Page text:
Photo © Andy Rouse / Getty Images.

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World's Top Carnivores Face Similar Threats

Saturday March 29, 2014

A recent study published in the journal Science highlights the threats faced by large terrestrial carnivores around the world. The research examined the well-being of species such as tigers, lions, cheetahs, sea otters, polar bears, brown bears, spotted hyenas, gray wolves, African wild dogs, giant pandas, and numerous others to evaluate the common challenges these carnivores face.

Large carnivores are particularly vulnerable to population declines because they have high metabolic demands. As a result, they rely on large territories that support healthy prey populations so they can obtaint the food and energy they need for movement and maintaining body temperature.

The study findings reveal that, for many species of large terrestrial carnivores, humans have both caused population declines (through activities such as hunting and habitat destruction) as well as helped in population recovery (through the establishment of various protection programs).

The fact that top carnivores in terrestrial ecosystems have a number of vulnerabilities in common is both a concern and an opportunity. Although many species suffer at the hands of similar threats, conservationists can also help protect many species by applying similar techniques. By understanding these ways in which top carnivores are vulnerable, scientists can better manage and help ailing populations of large predatory mammals. The authors of the study propose the establisment of a Global Large Carnivore Initiative that would enable them to better coordinate research, conservation and policy at both the local and national levels where top carnivores are imperilled.

Ripple WJ, Estes JA, Beschta RL, et al. Status and ecological effects of the world's largest carnivores. Science. 2014;343(6167):1241484.

Photo © Raimund Linke / Getty Images.

The Unique Vision of Mantis Shrimp

Saturday March 29, 2014

Mantis shrimp are the visionaries of the animal kingdom. These small, bottom-dwelling marine invertebrates have the most complex eyes of any living creature. The eyes of mantis shrimp have more than a dozen different types of photoreceptors—light-sensitive cells that visually interpret different areas of the light spectrum. These numerous types of photoreceptors enable mantis shrimp to perceive many different colors and to detect differences between linear and circular polarized light. Mantis shrimp can detect light that ranges from deep ultraviolet to far red.

The exact number of photoreceptors mantis shrimp have varies from species to species. Some mantis shrimp have 16 and others have as many as 21 different types of photoreceptors. Regardless of the exact number, one thing is clear: mantis shrimp have many more photoreceptors than any other animal.

Swalllowtail butterflies, the next closest animal to mantis shrimp in terms of their visual complexity, have eight different types of photoreceptors (photoreceptors are also referred to as "chromatic channels"). Birds and reptiles see using four chromatic channels that span a smaller range of light wavelengths than mantis shrimp. Whereas mantis shrimp can detect light of wavelengths that range from 300 to 720 nanometers, birds and reptiles sense light in a smaller range, from 300 to 700 nanometers. Vision in humans, by comparison, uses three chromatic channels that detect light from 390 to 700 nanometers.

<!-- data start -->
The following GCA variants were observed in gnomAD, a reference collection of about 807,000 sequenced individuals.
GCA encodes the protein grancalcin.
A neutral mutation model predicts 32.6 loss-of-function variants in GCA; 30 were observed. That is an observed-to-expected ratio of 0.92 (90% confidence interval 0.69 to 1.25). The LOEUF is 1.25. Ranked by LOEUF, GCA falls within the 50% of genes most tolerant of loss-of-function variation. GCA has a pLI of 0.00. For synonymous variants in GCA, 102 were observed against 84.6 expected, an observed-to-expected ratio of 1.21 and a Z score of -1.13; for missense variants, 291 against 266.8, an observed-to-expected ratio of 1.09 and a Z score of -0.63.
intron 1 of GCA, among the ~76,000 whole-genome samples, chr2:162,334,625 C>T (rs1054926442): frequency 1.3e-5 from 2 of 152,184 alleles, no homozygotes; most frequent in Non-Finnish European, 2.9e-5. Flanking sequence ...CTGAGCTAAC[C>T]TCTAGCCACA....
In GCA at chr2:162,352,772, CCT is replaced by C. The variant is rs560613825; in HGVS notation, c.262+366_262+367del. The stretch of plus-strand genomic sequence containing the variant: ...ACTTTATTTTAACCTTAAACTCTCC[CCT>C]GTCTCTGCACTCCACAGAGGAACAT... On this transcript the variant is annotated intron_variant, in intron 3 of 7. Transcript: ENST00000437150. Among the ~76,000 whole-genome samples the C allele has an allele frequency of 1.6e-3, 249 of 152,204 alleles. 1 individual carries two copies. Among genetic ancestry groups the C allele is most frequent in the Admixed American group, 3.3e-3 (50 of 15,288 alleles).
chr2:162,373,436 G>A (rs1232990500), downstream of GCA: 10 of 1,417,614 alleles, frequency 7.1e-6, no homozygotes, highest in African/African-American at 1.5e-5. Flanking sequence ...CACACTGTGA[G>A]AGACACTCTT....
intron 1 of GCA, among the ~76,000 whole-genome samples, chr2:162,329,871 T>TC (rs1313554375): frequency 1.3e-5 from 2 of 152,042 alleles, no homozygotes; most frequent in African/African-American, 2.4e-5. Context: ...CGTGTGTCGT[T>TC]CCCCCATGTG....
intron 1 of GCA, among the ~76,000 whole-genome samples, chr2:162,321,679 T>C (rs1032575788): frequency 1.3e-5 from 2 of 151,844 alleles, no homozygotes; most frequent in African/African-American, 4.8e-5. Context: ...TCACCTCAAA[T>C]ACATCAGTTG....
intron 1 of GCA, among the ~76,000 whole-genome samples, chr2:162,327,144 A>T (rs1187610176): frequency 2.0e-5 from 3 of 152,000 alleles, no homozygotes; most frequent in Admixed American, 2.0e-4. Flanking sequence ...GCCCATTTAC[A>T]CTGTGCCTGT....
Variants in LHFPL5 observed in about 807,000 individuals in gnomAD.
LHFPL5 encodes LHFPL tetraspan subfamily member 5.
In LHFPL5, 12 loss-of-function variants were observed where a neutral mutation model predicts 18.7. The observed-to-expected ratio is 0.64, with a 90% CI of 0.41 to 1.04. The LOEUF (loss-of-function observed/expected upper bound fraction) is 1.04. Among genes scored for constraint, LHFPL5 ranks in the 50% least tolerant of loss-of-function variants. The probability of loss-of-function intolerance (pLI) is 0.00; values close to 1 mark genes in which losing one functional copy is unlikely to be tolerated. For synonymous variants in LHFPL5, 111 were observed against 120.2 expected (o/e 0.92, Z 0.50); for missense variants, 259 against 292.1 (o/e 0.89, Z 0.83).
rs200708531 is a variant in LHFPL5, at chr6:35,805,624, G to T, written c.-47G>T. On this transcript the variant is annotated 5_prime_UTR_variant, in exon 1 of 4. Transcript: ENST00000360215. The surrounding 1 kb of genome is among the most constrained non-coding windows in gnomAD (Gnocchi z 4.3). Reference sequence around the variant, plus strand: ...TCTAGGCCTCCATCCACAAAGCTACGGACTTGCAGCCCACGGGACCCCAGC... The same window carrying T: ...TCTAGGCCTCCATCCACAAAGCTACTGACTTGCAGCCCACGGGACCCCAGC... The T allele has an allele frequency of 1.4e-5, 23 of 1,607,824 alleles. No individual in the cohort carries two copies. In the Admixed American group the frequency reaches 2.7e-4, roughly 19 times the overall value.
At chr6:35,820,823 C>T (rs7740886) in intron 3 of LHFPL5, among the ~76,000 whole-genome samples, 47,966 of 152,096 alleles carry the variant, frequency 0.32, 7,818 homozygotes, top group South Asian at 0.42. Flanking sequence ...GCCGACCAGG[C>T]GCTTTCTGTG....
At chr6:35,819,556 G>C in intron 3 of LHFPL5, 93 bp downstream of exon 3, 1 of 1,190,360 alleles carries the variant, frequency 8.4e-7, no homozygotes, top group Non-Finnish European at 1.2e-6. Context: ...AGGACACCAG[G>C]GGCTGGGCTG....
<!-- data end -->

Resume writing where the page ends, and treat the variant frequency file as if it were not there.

Mantis shrimp are not only keen-sighted but they are also very colorful creatures. They exhibit a variety of color patterns and displays (some species even use fluorescence to enhance their appearance). The colors and patterns of mantis shrimp are thought to play a role in communication. But although despite the chromatic complexity of their appearance, mantis shrimp still have much more visual complexity than would be required to interpret each other's color patterns. Scientists believe that mantis shrimp do not use their complex visual system to discriminate between colors as other animals do. Instead, mantis shrimp use their many different photoreceptors to quickly recognize specific colors. Put another way, the eyes of mantis shrimp are best suited for quick interpreatation of visual information, not for the slow contemplation of variations in color.

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New Animal Profile - Segmented Worms

Wednesday February 26, 2014

I just added a new profile to the Animal Encyclopedia. Please extend a warm welcome to the segmented worms.

Segmented worms are a group of invertebrates that includes about 12,000 species of earthworms, ragworms and leeches. Segmented worms live in marine habitats such as the intertidal zone and near hydrothermal vents. Segmented worms also inhabit freshwater aquatic habitats as well as moist terrestrial habitats such as forest floors.

To find out more, be sure to read the segmented worms.

Photo © Nick Hobgood / Getty Images.

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Vertebrate Evolution

Wednesday February 26, 2014
Vertebrates are a well-known group of animals that includes mammals, birds, reptiles, amphibians, and fish. The defining characteristic of vertebrates is their backbone, an anatomical feature that first appeared in the fossil record about 500 million years ago, during the Ordovician period. In this article, you'll find out about the various groups of vertebrates in the order in which they evolved to create a picture of how vertebrate evolution unfolded to the present day.

The Cambrian Period

Wednesday February 26, 2014
The Cambrian Period (543 to 505 million years ago) is the first time period of the Paleozoic Era. It is preceded by the Precambrian. The Cambrian Period opened in the aftermath of a mass extinction. During the last 100 million years of the Precambrian, a unique fauna had developed. Referred to as the Ediacaran biota, these creatures are the earliest known multi-cellular creatures to have inhabited Earth. But for reasons that remain unclear, they suddenly disappeared and their extinction marks the end of the Precambrian and the dawn of the Cambrian.